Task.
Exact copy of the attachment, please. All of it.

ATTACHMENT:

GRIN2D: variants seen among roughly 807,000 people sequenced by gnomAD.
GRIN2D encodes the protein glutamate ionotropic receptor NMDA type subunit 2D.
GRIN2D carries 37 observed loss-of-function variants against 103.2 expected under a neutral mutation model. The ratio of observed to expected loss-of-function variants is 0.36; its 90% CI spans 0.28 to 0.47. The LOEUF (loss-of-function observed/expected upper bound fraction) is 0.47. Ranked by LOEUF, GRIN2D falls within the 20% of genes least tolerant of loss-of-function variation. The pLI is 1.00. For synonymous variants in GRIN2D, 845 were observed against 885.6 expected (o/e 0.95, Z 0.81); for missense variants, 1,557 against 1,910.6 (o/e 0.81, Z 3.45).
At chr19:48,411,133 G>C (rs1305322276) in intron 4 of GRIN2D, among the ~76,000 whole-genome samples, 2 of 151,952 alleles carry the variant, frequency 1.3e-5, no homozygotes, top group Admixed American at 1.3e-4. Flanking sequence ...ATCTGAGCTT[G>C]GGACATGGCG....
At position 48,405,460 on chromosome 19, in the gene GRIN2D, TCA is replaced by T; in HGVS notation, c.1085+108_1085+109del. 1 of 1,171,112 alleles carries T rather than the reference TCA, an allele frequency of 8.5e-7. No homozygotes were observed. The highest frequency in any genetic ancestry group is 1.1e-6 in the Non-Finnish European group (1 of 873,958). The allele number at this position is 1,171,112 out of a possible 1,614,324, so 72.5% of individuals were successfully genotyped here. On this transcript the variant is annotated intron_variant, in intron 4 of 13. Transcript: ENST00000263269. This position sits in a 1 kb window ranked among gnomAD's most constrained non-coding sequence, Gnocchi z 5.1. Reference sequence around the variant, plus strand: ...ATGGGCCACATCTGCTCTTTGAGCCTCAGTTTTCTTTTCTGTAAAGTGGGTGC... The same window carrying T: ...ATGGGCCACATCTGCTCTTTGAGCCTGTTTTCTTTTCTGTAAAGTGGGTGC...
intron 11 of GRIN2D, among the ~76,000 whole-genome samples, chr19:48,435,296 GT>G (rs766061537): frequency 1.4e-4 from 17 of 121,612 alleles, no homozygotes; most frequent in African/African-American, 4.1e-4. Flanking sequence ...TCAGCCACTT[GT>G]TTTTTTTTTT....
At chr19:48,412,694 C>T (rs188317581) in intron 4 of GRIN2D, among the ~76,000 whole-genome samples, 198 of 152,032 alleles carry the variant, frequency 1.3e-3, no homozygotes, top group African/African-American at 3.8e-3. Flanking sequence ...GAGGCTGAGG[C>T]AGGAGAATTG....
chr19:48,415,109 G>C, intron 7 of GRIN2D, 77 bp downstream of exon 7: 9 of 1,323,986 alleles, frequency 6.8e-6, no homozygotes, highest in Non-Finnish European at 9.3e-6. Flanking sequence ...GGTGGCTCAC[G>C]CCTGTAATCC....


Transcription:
GRIN2D: variants seen among roughly 807,000 people sequenced by gnomAD.
GRIN2D encodes the protein glutamate ionotropic receptor NMDA type subunit 2D.
GRIN2D carries 37 observed loss-of-function variants against 103.2 expected under a neutral mutation model. The ratio of observed to expected loss-of-function variants is 0.36; its 90% CI spans 0.28 to 0.47. The LOEUF (loss-of-function observed/expected upper bound fraction) is 0.47. Ranked by LOEUF, GRIN2D falls within the 20% of genes least tolerant of loss-of-function variation. The pLI is 1.00. For synonymous variants in GRIN2D, 845 were observed against 885.6 expected (o/e 0.95, Z 0.81); for missense variants, 1,557 against 1,910.6 (o/e 0.81, Z 3.45).
At chr19:48,411,133 G>C (rs1305322276) in intron 4 of GRIN2D, among the ~76,000 whole-genome samples, 2 of 151,952 alleles carry the variant, frequency 1.3e-5, no homozygotes, top group Admixed American at 1.3e-4. Flanking sequence ...ATCTGAGCTT[G>C]GGACATGGCG....
At position 48,405,460 on chromosome 19, in the gene GRIN2D, TCA is replaced by T; in HGVS notation, c.1085+108_1085+109del. 1 of 1,171,112 alleles carries T rather than the reference TCA, an allele frequency of 8.5e-7. No homozygotes were observed. The highest frequency in any genetic ancestry group is 1.1e-6 in the Non-Finnish European group (1 of 873,958). The allele number at this position is 1,171,112 out of a possible 1,614,324, so 72.5% of individuals were successfully genotyped here. On this transcript the variant is annotated intron_variant, in intron 4 of 13. Transcript: ENST00000263269. This position sits in a 1 kb window ranked among gnomAD's most constrained non-coding sequence, Gnocchi z 5.1. Reference sequence around the variant, plus strand: ...ATGGGCCACATCTGCTCTTTGAGCCTCAGTTTTCTTTTCTGTAAAGTGGGTGC... The same window carrying T: ...ATGGGCCACATCTGCTCTTTGAGCCTGTTTTCTTTTCTGTAAAGTGGGTGC...
intron 11 of GRIN2D, among the ~76,000 whole-genome samples, chr19:48,435,296 GT>G (rs766061537): frequency 1.4e-4 from 17 of 121,612 alleles, no homozygotes; most frequent in African/African-American, 4.1e-4. Flanking sequence ...TCAGCCACTT[GT>G]TTTTTTTTTT....
At chr19:48,412,694 C>T (rs188317581) in intron 4 of GRIN2D, among the ~76,000 whole-genome samples, 198 of 152,032 alleles carry the variant, frequency 1.3e-3, no homozygotes, top group African/African-American at 3.8e-3. Flanking sequence ...GAGGCTGAGG[C>T]AGGAGAATTG....
chr19:48,415,109 G>C, intron 7 of GRIN2D, 77 bp downstream of exon 7: 9 of 1,323,986 alleles, frequency 6.8e-6, no homozygotes, highest in Non-Finnish European at 9.3e-6. Flanking sequence ...GGTGGCTCAC[G>C]CCTGTAATCC....